Like that you stay productive and you incrementally improve your work environment.

Obsessing over your work environment is just as counterproductive as obsessing over the work itself. A healthy balance is the main ingredient to increasing productivity in the longer term.

But how long do you spend setting up the time-tracking process that ensures you don't exceed you 20% time frame in a given day/week/month/year? And don't you also have to track that time as tool-time? How do you even do that without your time-tracking system up and running?!

Facetious, i know - but this is a confessional, the OP is basically saying he isn't capable of separating his time out like that - he would get drawn into the optimization process - like an addiction and blow past he's 20% allotment.

If a person is able to maintain the don't go over 20% of your time on optimization then by definition they aren't dealing with the same issue as the OP.

But how long do you spend setting up the time-tracking process that ensures you don't exceed you 20% time frame in a given day/week/month/year

Well, lots of devs have 10 sided dice...

But seriously, this could be determined stochastically per hour or pomodoro.

And for that matter, doesn't 1/5 of your time spent like this sound like you went down the rabbit-hole already?

That depends on what your expected payoff is.

That's what I need - a system to ensure the optimal divide between the time I spend working on optimizing my system and doing actual work! ;)

The point of the article was not to waste time/energy doing that, I thought.

The key is to combine "minimalistic living" with life hacks. Reduce your life down to the essentials, then use life hacks to go even further.

For example: you probably won't get away without paying your bills so a "life hack" that automates that process will take another load of your shoulders.'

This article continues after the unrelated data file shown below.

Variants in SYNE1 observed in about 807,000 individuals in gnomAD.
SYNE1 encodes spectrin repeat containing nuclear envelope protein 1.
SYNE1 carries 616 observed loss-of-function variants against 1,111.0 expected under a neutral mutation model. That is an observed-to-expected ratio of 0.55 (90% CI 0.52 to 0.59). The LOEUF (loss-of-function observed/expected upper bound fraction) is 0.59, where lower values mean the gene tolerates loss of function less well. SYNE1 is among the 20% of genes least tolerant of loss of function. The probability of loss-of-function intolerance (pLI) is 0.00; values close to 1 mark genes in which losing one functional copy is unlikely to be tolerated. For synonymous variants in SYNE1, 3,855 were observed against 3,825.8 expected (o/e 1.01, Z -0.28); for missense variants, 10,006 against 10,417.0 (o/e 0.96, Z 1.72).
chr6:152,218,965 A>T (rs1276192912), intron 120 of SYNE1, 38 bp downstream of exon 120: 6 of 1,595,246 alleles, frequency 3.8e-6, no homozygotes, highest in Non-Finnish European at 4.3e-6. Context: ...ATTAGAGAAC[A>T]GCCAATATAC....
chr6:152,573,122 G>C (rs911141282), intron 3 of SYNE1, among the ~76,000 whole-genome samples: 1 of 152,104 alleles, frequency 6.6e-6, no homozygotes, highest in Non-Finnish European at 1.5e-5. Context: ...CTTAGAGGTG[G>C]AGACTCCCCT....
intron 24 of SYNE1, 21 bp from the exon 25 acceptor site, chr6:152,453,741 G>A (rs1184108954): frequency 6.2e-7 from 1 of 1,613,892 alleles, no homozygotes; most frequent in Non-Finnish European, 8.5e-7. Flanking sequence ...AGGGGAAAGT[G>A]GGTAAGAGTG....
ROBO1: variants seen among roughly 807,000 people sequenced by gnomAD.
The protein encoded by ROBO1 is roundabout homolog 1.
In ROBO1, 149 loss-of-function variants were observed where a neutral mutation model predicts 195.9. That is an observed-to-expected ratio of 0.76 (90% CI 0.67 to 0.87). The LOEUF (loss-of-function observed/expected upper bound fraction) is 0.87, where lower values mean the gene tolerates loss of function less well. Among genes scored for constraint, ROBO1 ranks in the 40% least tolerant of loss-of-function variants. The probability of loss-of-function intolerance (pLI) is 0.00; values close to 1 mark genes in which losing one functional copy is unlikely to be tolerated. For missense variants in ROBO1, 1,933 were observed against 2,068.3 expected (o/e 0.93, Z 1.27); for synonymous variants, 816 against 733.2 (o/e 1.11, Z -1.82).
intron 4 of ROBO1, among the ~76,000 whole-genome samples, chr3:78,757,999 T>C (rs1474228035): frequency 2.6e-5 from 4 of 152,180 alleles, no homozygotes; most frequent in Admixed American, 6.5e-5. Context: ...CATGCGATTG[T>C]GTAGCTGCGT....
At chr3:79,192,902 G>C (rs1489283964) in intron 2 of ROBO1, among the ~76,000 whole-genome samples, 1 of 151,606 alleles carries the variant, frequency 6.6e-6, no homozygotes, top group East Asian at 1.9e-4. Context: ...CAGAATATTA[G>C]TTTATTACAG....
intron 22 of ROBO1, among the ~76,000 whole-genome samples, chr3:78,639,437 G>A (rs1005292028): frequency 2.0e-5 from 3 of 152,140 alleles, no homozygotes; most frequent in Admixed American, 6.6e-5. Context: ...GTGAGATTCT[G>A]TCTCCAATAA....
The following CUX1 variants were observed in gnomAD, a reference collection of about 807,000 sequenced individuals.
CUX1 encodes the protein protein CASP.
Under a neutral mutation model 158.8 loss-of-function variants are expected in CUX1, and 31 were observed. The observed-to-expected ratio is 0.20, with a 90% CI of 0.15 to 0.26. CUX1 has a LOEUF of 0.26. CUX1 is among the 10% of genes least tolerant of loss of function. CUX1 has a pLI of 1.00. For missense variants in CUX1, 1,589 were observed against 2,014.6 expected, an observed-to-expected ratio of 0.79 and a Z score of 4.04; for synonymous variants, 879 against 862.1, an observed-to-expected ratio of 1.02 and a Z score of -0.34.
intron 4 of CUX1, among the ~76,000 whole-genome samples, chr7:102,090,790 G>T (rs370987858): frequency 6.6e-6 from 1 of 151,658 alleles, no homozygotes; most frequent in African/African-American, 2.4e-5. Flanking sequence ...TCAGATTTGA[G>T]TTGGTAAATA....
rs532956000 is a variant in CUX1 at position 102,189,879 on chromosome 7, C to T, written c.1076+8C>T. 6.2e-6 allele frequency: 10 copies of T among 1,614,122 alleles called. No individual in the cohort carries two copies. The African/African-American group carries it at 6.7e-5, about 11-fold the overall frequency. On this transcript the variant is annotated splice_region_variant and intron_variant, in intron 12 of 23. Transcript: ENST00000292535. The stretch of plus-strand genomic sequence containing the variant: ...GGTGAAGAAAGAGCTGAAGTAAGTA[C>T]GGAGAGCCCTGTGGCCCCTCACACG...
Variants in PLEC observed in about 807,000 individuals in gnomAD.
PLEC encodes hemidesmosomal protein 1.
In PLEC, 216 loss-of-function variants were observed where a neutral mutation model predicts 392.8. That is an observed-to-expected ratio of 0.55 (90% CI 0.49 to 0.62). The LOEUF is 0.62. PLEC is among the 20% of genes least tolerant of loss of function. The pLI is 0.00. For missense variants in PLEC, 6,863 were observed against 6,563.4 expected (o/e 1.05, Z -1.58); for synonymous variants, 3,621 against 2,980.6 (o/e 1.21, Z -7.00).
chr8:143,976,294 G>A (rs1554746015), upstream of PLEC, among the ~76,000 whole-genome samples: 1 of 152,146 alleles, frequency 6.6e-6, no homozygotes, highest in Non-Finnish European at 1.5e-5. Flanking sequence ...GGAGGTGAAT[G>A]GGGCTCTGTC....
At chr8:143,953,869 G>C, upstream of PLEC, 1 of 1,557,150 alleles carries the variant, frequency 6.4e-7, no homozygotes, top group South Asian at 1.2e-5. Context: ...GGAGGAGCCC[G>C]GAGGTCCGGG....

On the other hand, a "life hack" for storing "all your stuff" might not be as good as simply "get rid of all your crap"

Also good point about life design, there's not much point in "saving x minutes" or earning "x dollars" if you don't do anything useful and worthwhile with it

All in all the most important thing is to have a process, call it kaizen, constant improvement, or whatever. Try different things, measure / see what works, learn from the mistakes, rinse - repeat

The rabbit hole is in that automation, though.

It's not so bad if your automation tools have a really long shelf life, and if the time that you spend learning to use them can easily be reused for other things. i.e. If you use Linux command-line tools.

I've been managing my email using mutt and basically the same set of procmail scripts since around 1999, and I'll easily get at least another 10 years out of them, as long as people continue to use email.

About 2 years ago when I got my smartphone, I installed an IMAP server (dovecot), configured it to use my existing maildir tree, and then pointed my phone at that. I'll probably get at least 10 years out of that, too.

All of this pre-dates Android, iOS, GMail, Evernote, etc., and it'll probably outlive them.

I find that once you realize there's a problem that can be solved it's often the case that a solution is available if you look for it. My bank for instance makes it easy to set up automatic payment of most of my bills. Yet if I never realize that this is an annoyance that could be solved I wouldn't have gone looking for that "feature".

"Reduce your life down to the essentials" is a hell of a rabbit hole as well.

It always puzzles me to read my own impression and un-articulated feelings written down by someone else way better than I'm at thinking about them less writing them down!

And yet another post for my list of HN post that had the biggest impact. Thumbs up!

Is the list public or do you prefer to keep it to yourself?

There was a ask HN thread not long ago.

The list, totally unrated, is:

There is no speed limit

This one

Most of pg's non-tech essays (since I don't understand the technical ones)

The SpaceX couverage (being in Aerospace, I'd like to hide in shame compared to what sapceX did, but a bright example of what actually is possible)

Being deaf (it open my mind to something I never really thought about)

Among others, of course!

I've stopped watching televisionm listening to radio, movies, or even browsing the internet. In fact, I disconnected the cable service, and told my internet provider to take a hike.

My life? A hundred times better. I can now focus. I play with my daughter for at least an hour every day. I've lost more than a hundred pounds. I now run marathons. I program like a madman. And I was able to begin doing my own startup (which is about to launch my first MVP).